After such an eventful year (Hello, Du30, Brexit, and Trump), it’s hard to believe that 2016 is coming to an end. The general consensus (according to Buzzfeed or Twitter anyway) is that most people can’t wait to ring 2017 in and start afresh.
For the less superstitious people of the world, New Year’s rituals are pretty simple and straightforward. They clean the house, prepare a nice meal, or congregate at the nearest New Year’s Eve party to await the stroke of midnight.
But because Filipinos are largely a superstitious lot, our end-of-the-year festivities are a bit more complicated. Thus, for your reading pleasure, we present twelve of the most widely-followed New Year’s Eve superstitions in the Philippines, one for each month of the year:
1. Eat twelve grapes at midnight.
Because they’re round (mostly) and grow in bunches, grapes are said to herald prosperity. Eating all twelve grapes at the start of the New Year is thus supposed to be a good omen for all twelve months of the next year.
Do take care not to choke on those grapes, though, or all that prosperity might be for naught.
2. Make loud noises.
Set off some spectacular fireworks, bang some pots and pans, blow your torotot, or simply invite over your favorite Tita of Manila and casually mention your solitary romantic status, whatever it takes to generate a lot of noise.
Seriously, though, loud noises are meant to drive away all the evil spirits since they supposedly can’t stand the racket, thus eradicating all the forces that could bring misfortune to your life in the coming year.
3. Clear all your debts and stuff your wallets with brand new bills.
So, if you want to be prosperous and debt-free, it would be a good idea to settle all your debts and to stock your wallet with crisp bills and coins.
No word on what you should do if paying off all your liabilities leaves you with nothing in your wallet, however.
4. Wear polka dots.
As pointed out in the first item, anything round signifies prosperity and few things meet that criteria as polka dots do.
If that doesn’t sound weird enough, you can even pick the color of polka dots to wear to determine which area of your life will receive the most good luck. Red is apparently good for love, yellow for happiness, and green for money.
Heck, you can even go to town and incorporate all three colors of polka dots in your outfit. Sure, you might look like a fashion disaster on New Year’s Eve, but at least, you’ll be lucky in life and love, right? Right?
5. Jump as high as you can when the clock strikes 12.
When I was a little girl, my parents used to tell me and my brothers that the higher we jumped at midnight on New Year’s Eve, the taller we’d be when we grew up.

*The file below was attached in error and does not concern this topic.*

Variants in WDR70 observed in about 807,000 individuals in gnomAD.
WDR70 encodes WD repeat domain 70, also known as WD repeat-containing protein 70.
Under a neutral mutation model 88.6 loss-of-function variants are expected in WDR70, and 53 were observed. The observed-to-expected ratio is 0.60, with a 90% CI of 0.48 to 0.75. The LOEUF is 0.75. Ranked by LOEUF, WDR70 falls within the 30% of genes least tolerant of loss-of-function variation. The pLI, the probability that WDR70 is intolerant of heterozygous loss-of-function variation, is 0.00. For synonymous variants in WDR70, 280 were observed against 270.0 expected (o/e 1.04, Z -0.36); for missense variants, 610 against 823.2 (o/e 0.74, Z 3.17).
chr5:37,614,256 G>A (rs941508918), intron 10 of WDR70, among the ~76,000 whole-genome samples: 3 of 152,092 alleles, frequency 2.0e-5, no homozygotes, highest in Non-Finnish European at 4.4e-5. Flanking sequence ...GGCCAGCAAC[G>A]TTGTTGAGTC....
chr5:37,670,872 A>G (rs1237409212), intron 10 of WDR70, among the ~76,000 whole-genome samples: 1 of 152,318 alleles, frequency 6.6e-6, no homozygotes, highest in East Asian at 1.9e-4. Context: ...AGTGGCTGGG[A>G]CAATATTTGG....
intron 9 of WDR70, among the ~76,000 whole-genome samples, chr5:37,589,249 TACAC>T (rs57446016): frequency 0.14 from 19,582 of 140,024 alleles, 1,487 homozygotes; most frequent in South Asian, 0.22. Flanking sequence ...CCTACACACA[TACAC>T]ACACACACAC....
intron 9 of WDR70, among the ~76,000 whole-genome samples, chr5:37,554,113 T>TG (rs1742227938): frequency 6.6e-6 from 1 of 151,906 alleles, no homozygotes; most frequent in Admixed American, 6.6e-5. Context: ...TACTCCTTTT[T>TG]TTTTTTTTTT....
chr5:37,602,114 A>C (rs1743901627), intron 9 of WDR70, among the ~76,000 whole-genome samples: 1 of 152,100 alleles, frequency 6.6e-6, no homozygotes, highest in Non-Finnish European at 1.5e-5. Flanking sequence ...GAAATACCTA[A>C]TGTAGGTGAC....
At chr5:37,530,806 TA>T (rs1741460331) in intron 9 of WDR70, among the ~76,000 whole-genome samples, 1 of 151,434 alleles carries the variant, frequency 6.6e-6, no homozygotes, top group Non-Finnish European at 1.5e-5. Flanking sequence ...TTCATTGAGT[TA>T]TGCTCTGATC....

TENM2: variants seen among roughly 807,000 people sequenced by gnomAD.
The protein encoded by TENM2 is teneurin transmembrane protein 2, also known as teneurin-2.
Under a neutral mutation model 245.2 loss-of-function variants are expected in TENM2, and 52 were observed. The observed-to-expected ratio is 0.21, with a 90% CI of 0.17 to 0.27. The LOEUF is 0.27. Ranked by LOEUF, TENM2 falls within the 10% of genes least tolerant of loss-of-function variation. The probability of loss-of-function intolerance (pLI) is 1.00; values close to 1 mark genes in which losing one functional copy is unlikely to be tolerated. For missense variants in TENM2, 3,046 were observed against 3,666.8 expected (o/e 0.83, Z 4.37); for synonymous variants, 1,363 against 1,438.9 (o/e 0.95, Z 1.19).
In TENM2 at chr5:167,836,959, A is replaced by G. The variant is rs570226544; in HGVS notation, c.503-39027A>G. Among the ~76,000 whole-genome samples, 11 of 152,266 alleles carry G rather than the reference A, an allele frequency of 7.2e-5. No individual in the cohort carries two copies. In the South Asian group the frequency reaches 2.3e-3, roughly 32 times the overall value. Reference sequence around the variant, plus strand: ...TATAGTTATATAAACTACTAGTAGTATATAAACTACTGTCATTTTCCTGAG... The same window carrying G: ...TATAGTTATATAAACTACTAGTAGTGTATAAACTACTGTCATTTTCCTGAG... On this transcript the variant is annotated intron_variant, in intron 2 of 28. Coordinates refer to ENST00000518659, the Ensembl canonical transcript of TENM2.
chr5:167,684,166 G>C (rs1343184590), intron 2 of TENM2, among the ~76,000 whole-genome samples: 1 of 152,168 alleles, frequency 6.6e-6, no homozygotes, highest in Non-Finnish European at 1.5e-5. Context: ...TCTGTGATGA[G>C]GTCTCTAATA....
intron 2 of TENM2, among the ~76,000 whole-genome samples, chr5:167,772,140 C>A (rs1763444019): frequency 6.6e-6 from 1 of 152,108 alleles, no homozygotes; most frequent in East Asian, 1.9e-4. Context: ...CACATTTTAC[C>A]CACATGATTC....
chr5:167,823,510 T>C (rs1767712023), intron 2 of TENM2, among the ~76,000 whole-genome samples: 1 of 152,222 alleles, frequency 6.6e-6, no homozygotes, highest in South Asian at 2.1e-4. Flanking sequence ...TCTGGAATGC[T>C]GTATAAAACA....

It seems to have worked for my brothers who are now all above 5’8” in height (I, on the other hand, seem to have topped at 5’4” heightwise, but I do have 3-inch stilettos in my closet, so…). Then again, both my parents are above 5’6”, so that could just be plain genetics.
If nothing else, jumping around at the sight of colorful fireworks and the sound of blaring plastic trumpets (or your Tita of Manila’s constant yappering about when you’re supposed to get married) is a festive way to celebrate anyhow.
6. Don’t clean the house.
This sounds counterintuitive because who wouldn’t want to have a clean house at the start of the year?
Apparently, Filipino superstition dictates that sweeping the house on New Year’s Eve also sweeps away any good fortune the New Year brings in.
Well, at least, you’ve got an excuse to put off cleaning for a day or two.
7. Avoid spending any cash on January 1.
See item no. 3 on this list.
Also, it’s believed that you’ll be doing for the entire year what you were doing on New Year’s Day. Hence, shelling out money on January 1 supposedly means you’ll constantly be paying bills throughout the year.
Oh, wait, but isn’t that inevitable anyway?
8. Refrain from serving or eating chicken or fish at the New Year’s Eve feast.
The Media Noche or Midnight Feast on New Year’s Eve is almost as greatly anticipated as the Christmas Noche Buena.
That said, there are some menu items that are supposed to be off-limits on this evening, chief among them are chicken and fish dishes.
Why? It all has to do with imagery. Chickens don’t eat until after they’ve pecked the ground for food and fish are associated with scarcity since poor people in the Philippines have only dried fish to eat with their rice. Eating either of these animals at the Media Noche is said to invite scarcity as a result.
9. You should, however, serve and eat a noodle dish like pancit.
Like the Chinese, Filipinos correlate noodles with a long, healthy life, so including pancit in the Media Noche menu is well-nigh inevitable.
But in case you’ve got picky eaters among your kids, some good old spaghetti with meatballs should suffice.
10. Open your doors and windows.
This will supposedly release all the bad energy from your house and let all the good energy in.
No idea how the person who came up with this could tell what sort of energies were coming and going, but oh, well. Needs must.
11. Don’t do laundry on New Year’s Eve.
I don’t know anyone who does laundry at this time, but that’s probably a good thing since washing clothes on New Year’s Eve means that someone in your house will die.
Someone tell the Starks of Winterfell.
12. Turn on all the lights in the house.
If you want a glaringly bright future, that is. And don’t we all?
Superstitions are perhaps silly, especially in the modern world. But there’s little to no harm in following them, I think, considering that some of us might derive a certain comfort from these practices to ward off anxiety over these uncertain times.